Bravestarr is a Filmation cartoon and toyline based on the concept of “a western in space” that premiered in 1987, predating Joss Whedon’s Firefly by 15 years. It was a short-lived series (it was, in fact, Filmation’s final series before closing their studio) with a small fan base compared to others of it’s era like He-Man and the Masters of the Universe, G.I. Joe or Transformers, despite it’s top-notch animation and storytelling. I personally think the series’s meager success was due to bad timing. Bravestarr came along “after my time”. I think that if it had been around earlier to tap into my generation’s steady diet of after-school cartoons, it would have found more success.
It was just a few months ago when I picked up the complete series of Bravestarr on DVD. I found it for sale for $10, and bought it out of pure curiosity; no nostalgia invested besides an appreciation for it’s fellow Filmation cartoons. I’m glad that I did. It was downright brilliant. The sarcastic banter between Marshall Bravestarr and 30-30, his “pardner” transforming cyborg mutant horse, was extremely well-written and actually funny. The moral of the story that became an end-of-episode staple for He-Man was kicked up a notch with lessons that were downright multi-faceted. They had topics that dealt with standing up for yourself and dealing with bullying that, quite honestly, every child should learn but would never be taught in today’s current political climate.
I have much more to say about that series, but I’ll save it for a future review. Let’s get down to today’s custom figure, Bravestarr’s main villain, Tex Hex!
Tex Hex is an alien zombie cowboy. (Really?) Really.
According to the commentary on the Bravestarr DVD, Tex Hex was originally conceived as a one-episode villain for Filmation’s Ghost Busters cartoon. (Not to be confused with The Real Ghostbusters cartoon. The rivalry between these two could fill a future blog all by itself.) The design department showed Filmation boss Lou Scheimer the design for Tex Hex, who was simply intended to be a ghost from the Old West, but it sparked an idea in Lou’s head. He knew this “Tex Hex” was meant for bigger things. He proceeded to spring an entire “western in space” concept from this character design.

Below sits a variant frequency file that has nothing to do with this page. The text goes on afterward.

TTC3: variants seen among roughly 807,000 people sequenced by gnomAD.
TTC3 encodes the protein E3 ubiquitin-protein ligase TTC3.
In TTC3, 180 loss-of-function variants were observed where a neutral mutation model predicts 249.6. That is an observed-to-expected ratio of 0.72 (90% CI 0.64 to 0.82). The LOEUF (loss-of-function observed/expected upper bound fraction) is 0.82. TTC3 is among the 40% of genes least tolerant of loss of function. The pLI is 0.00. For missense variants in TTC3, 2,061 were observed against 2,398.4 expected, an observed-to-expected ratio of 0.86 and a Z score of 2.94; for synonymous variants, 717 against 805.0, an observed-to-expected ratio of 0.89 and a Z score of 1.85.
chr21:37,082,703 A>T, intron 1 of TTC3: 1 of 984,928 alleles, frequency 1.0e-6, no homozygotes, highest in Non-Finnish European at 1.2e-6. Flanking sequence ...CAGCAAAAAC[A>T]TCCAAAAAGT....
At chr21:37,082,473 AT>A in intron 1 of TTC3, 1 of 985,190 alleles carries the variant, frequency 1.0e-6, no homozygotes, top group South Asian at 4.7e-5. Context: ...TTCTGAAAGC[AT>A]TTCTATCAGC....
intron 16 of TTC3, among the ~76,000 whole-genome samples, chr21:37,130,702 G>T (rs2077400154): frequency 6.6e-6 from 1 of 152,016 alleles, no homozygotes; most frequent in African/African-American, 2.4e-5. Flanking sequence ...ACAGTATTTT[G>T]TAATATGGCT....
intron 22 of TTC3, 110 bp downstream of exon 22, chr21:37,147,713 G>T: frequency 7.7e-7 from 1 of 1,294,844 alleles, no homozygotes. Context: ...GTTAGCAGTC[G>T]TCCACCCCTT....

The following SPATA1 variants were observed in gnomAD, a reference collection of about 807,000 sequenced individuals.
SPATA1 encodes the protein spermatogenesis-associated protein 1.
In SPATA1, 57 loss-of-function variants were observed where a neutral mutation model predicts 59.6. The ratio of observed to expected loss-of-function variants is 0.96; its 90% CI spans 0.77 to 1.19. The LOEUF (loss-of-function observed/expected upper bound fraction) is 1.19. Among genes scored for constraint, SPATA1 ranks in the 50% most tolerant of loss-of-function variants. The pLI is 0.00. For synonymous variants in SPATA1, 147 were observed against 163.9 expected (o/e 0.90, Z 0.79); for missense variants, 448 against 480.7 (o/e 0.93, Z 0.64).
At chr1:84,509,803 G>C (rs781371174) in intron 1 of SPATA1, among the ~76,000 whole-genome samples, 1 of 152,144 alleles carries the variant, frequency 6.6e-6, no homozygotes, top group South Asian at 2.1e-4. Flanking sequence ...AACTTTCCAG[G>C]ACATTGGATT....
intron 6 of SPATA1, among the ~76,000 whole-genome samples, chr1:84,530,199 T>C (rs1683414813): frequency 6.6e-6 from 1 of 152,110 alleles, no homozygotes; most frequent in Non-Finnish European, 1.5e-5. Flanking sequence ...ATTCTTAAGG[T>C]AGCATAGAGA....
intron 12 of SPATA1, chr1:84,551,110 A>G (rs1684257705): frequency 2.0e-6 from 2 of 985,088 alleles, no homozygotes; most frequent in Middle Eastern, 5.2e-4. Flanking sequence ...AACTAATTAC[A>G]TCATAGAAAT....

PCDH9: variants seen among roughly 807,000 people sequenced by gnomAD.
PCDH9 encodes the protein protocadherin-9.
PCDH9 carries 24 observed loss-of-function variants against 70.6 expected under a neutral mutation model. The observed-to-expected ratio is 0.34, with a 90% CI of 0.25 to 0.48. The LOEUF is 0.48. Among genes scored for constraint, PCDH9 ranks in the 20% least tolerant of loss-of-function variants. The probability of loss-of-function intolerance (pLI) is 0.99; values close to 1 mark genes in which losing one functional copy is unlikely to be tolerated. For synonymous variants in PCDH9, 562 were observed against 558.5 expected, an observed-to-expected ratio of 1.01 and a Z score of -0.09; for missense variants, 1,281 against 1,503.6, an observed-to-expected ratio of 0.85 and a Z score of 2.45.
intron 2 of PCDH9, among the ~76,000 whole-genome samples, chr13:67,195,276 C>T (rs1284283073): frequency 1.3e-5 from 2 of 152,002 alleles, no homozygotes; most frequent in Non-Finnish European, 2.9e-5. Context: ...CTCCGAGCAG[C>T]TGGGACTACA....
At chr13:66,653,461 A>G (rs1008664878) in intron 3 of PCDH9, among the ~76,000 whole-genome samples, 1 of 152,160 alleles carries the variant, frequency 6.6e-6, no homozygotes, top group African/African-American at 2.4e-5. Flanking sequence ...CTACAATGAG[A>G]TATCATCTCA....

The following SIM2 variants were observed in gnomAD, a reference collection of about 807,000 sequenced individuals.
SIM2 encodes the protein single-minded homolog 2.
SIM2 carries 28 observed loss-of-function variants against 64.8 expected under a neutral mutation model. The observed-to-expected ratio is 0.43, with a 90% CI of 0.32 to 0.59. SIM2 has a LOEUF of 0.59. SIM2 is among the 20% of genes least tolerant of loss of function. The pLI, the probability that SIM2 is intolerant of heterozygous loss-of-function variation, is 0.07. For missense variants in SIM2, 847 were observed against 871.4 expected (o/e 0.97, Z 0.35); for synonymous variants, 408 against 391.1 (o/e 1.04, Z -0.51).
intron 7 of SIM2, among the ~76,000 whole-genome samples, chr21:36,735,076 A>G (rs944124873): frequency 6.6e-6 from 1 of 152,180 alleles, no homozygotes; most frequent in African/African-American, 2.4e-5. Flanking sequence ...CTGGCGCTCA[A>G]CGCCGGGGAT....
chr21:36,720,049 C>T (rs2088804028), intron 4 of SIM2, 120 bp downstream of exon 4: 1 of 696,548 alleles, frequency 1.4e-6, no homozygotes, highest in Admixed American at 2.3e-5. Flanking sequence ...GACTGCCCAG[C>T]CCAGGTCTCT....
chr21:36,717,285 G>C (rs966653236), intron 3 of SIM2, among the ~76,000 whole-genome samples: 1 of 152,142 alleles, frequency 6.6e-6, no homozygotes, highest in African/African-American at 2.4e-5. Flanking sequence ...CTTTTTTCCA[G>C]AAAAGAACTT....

As I started planning a Bravestarr collection of custom figures in my head, I intended from the very beginning that this set would be a part of the Masters of the Universe collection. Are they of a “shared universe”? Not officially, but some fans (like me) like to think so, and there has never been any reason not to… so there. One of the drawbacks to customizing with MOTUC figures is that they don’t really have much diversity in body types. The rivers of Eternia clearly flow with steroids. So while I wanted the Bravestarr figures to match and blend in with the MOTUC collection, I was having a hard time keeping them accurate and true to their original designs. Frankly, Tex Hex was a lanky dude, and I was having trouble finding a body to match him in the right scale. Then I remembered when DC Direct produced some Justice Society of America figures that were deeply unpopular amongst collectors because they were so oversized compared to DC Direct’s standard scale. We’re talking over a head taller than the average DC Direct figure, which managed to make them almost exactly the same size as the MOTUC figures. It was some serious synchronicity when I noticed that Tex Hex and the golden age Green Lantern (Alan Scott) were practically wearing the same outfit.
With a lot of carving, whittling, sanding and sculpting, I managed to conjure up an accurate Tex Hex body.
But what about the head? There was no such thing as a head sculpt that was going to be “close enough”. The best I could find was “New Adventures” Skeletor, but I was going to have to give him a layer of skin, a nose, some eyeballs, some hair, and a bad-ass handlebar mustasche.
Here is the complete, fully painted custom figure of Tex Hex, the first of my Bravestarr collection. I want to thank Evilmike for designing the 3D-printed Neutra Laser weapon, courtesy of Shapeways.